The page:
The Australia Day Parade was completed by the time the march arrived at Swanston Street but metal barricades along both sides of the road posed some problems due to the large crowd size.

MALS was also noted that police were cognizant of the risk that right-wing groups or individuals would make attempts to counter-protest or harass the rally.  The team noted one incident on Flinders Street where a right wing activist was prevented from gaining access to the protest by police.

We note from the Street Medic team present that only minor heat related injuries were treated.

Areas of Concern:

The Victoria Police Mounted Branch (9 horses and mounted police) was present and maintained a position approximately 50 metres in front of the protest march for most of the time. The presence of police horses in crowd situations poses a significant risk of injury given the size of the crowd, the presence of children, prams and the inabilty of people to get out of their way if they are manoeuvred close to crowds. Although they were not utilised to control crowds at this event, their presence remains unecessarily intimidating and MALS strongly recomends that police horses not be deployed in any crowded or populated area at any protest event due to risk of servere injury.

Use of force:

Legal Observers witnessed and received some reports of use of force by police members in the Public Order Response Team (PORT) as the attendees rallied at the Flinders St station intersection.

One attendee reported that her female friend and an elderly male were pushed back by an police member as they tried to move further down St Kilda Rd/Swanston St when the march initially arrived at the intersection. The attendee reported that the officer was unprovoked and had not issued any verbal instructions or warnings beforehand.

A MALS Legal Observer was also subject to physical force (a rough push) by a PORT member upon arrival at the Flinders St intersection. The legal observer subsequently brought this to the attention of the officer in charge.

Identification:

MALS also notes with some concern that many PORT members were not wearing their official ID badge, despite requirements to do so. Notably, the PORT member who pushed the MALS legal observer did not have their ID badge.

By their own regulations, VicPol members in uniform are required to wear current issue name tags that specify first name or initial/s, surname and rank. (Victoria Police Manual, Uniform and Appearance Standards, Oct 2016)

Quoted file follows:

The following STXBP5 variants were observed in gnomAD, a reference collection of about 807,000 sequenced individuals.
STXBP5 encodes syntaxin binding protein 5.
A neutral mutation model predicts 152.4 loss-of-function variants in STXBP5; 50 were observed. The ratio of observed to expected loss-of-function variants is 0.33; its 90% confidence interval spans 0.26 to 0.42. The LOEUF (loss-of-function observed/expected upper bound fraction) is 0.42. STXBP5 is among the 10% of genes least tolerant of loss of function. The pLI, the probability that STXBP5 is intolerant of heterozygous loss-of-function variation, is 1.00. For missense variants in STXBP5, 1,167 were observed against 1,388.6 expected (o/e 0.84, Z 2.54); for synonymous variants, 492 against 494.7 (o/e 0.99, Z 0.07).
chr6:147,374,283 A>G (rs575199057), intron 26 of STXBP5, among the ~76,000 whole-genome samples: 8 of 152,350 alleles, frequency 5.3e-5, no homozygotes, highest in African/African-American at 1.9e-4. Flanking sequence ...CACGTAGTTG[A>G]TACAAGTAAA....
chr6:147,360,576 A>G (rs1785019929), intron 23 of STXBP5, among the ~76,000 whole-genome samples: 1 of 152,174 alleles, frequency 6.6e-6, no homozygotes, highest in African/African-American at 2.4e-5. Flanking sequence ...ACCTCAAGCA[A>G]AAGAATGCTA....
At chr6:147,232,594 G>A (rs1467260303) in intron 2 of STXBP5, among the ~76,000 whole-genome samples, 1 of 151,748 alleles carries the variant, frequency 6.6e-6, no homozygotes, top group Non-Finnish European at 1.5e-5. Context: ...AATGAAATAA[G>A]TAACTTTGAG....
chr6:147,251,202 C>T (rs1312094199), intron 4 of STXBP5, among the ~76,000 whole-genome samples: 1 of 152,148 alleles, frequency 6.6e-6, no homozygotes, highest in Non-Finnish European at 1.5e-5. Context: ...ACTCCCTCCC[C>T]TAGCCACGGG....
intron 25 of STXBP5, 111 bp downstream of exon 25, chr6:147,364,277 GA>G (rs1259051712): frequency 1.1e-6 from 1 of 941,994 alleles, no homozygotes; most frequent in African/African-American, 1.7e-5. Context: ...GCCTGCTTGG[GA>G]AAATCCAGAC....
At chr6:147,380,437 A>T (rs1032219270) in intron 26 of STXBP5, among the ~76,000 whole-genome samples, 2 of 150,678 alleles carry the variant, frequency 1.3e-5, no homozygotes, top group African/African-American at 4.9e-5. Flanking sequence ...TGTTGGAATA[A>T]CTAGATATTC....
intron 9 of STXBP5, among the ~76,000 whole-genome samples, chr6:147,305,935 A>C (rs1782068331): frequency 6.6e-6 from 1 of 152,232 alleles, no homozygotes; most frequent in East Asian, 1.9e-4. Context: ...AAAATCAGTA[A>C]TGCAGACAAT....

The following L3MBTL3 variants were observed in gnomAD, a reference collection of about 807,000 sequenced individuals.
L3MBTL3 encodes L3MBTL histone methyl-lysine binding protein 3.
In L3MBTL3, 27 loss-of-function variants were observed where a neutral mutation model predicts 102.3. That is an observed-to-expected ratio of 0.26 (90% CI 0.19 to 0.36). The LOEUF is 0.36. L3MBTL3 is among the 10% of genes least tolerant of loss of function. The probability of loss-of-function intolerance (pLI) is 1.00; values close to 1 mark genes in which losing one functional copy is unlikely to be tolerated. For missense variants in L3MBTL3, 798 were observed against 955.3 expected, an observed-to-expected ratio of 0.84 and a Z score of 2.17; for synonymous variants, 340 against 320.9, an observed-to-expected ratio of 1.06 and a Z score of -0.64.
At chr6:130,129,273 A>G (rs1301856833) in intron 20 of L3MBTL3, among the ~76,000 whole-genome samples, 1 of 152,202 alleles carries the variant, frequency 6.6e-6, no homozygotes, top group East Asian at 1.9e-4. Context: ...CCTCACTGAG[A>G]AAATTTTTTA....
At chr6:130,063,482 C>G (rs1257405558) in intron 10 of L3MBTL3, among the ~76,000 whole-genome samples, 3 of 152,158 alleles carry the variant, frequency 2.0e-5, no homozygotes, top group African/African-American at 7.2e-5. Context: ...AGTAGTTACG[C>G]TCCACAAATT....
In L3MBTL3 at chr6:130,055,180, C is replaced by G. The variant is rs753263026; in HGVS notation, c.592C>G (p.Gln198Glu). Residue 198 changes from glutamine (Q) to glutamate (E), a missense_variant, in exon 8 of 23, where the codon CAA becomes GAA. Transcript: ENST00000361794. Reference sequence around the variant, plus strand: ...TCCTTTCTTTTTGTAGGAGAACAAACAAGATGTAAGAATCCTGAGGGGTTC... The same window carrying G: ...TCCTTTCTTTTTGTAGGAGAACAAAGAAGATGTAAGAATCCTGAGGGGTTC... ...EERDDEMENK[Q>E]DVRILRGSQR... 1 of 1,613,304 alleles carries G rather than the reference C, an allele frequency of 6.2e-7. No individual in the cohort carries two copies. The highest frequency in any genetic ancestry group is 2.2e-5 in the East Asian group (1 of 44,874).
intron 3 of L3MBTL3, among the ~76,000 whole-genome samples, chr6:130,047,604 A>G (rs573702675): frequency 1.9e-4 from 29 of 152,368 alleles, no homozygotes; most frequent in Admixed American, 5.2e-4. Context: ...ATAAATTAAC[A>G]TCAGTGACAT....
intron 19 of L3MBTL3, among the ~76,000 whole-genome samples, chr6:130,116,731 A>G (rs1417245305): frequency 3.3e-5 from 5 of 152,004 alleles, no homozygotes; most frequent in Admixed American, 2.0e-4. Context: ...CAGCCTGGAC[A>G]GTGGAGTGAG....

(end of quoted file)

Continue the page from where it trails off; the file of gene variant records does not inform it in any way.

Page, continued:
As we have noted numerous times previously, the wearing of visible name tags at protest events is inconsistent and this poses serious problems for accountability.

Media and online harassment of activist

We also note with concern that some sections of the media choose to single out and highlight one provocative statement from the rally and even made it into a headline in some cases.

Legal Observers heard the statement in its context and it was clearly a metaphorical and figurative point as was later explained by the organisor herself.  Singling out this one statement amidst an half day of speeches is no more than racist demonisation. It has served to generate outrage and condemnation from parties who were not present and has resulted in online abuse, threats and harrassment of the organisor.

The abuse or harassment of an activist in any online forums is unacceptable.   Resources to deal withthis sort of online harrassment are available here and here.

Melbourne Activist Legal Support (MALS) supports activists to defend their civil and political rights by fielding legal observers at protests and rallies, and providing training, resources and up to date information on the right to protest in the State of Victoria. This is the fourth year in a row that MALS has provided support to attendees at the Invasion Day Rally.

 

This Statement is a public document and is provided to media, Victoria Police Professional Standards Command, the Victorian Equal Opportunity and Human Rights Commission (VEOHRC), and other agencies upon request.

For enquiries please contact: melbactivistlegal@gmail.com

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https://melbourneactivistlegalsupport.org/

Inquiry into Drug Law Reform: Submission

Standing Committee on Legal and Social Issues

Submission to the Inquiry into Drug Law Reform

Parliament House, Spring St
EAST MELBOURNE VIC 3002

 

Dear Committee Secretary,

Endorsement of the Abolitionist and Transformative Justice Centre’s (ATJC) submission

Melbourne Activist Legal Support (MALS) welcomes the opportunity to endorse the Abolitionist and Transformative Justice Centre’s submission to the Committee’s Inquiry into Drug Law Reform.

MALS observes, documents and reports on police and civilian engagement and harmful policing practices through its work supporting activists to defend their own civil and political rights to protest in the State of Victoria.

This endorsement focuses on the section of ATJC’s submission detailing how harmful police practices may increase the likelihood of drug-related harm in the community.

ATJC’s submission recommends: